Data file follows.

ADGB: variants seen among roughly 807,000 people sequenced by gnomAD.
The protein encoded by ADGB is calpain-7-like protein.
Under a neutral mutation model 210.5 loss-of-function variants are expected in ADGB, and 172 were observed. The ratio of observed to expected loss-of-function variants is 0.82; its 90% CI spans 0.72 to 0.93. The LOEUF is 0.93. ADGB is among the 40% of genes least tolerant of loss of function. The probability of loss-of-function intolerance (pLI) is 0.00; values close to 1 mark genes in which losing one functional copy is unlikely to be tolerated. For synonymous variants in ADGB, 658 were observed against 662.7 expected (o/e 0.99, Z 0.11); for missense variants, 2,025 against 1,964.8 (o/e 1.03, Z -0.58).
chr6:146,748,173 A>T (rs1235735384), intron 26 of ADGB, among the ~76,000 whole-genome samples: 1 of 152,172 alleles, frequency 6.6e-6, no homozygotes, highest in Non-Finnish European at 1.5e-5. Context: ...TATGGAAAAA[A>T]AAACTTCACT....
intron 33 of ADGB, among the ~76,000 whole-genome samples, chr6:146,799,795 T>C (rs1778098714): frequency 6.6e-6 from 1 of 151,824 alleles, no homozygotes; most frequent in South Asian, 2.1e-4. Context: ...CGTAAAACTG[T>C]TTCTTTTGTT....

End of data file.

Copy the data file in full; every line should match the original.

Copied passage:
ADGB: variants seen among roughly 807,000 people sequenced by gnomAD.
The protein encoded by ADGB is calpain-7-like protein.
Under a neutral mutation model 210.5 loss-of-function variants are expected in ADGB, and 172 were observed. The ratio of observed to expected loss-of-function variants is 0.82; its 90% CI spans 0.72 to 0.93. The LOEUF is 0.93. ADGB is among the 40% of genes least tolerant of loss of function. The probability of loss-of-function intolerance (pLI) is 0.00; values close to 1 mark genes in which losing one functional copy is unlikely to be tolerated. For synonymous variants in ADGB, 658 were observed against 662.7 expected (o/e 0.99, Z 0.11); for missense variants, 2,025 against 1,964.8 (o/e 1.03, Z -0.58).
chr6:146,748,173 A>T (rs1235735384), intron 26 of ADGB, among the ~76,000 whole-genome samples: 1 of 152,172 alleles, frequency 6.6e-6, no homozygotes, highest in Non-Finnish European at 1.5e-5. Context: ...TATGGAAAAA[A>T]AAACTTCACT....
intron 33 of ADGB, among the ~76,000 whole-genome samples, chr6:146,799,795 T>C (rs1778098714): frequency 6.6e-6 from 1 of 151,824 alleles, no homozygotes; most frequent in South Asian, 2.1e-4. Context: ...CGTAAAACTG[T>C]TTCTTTTGTT....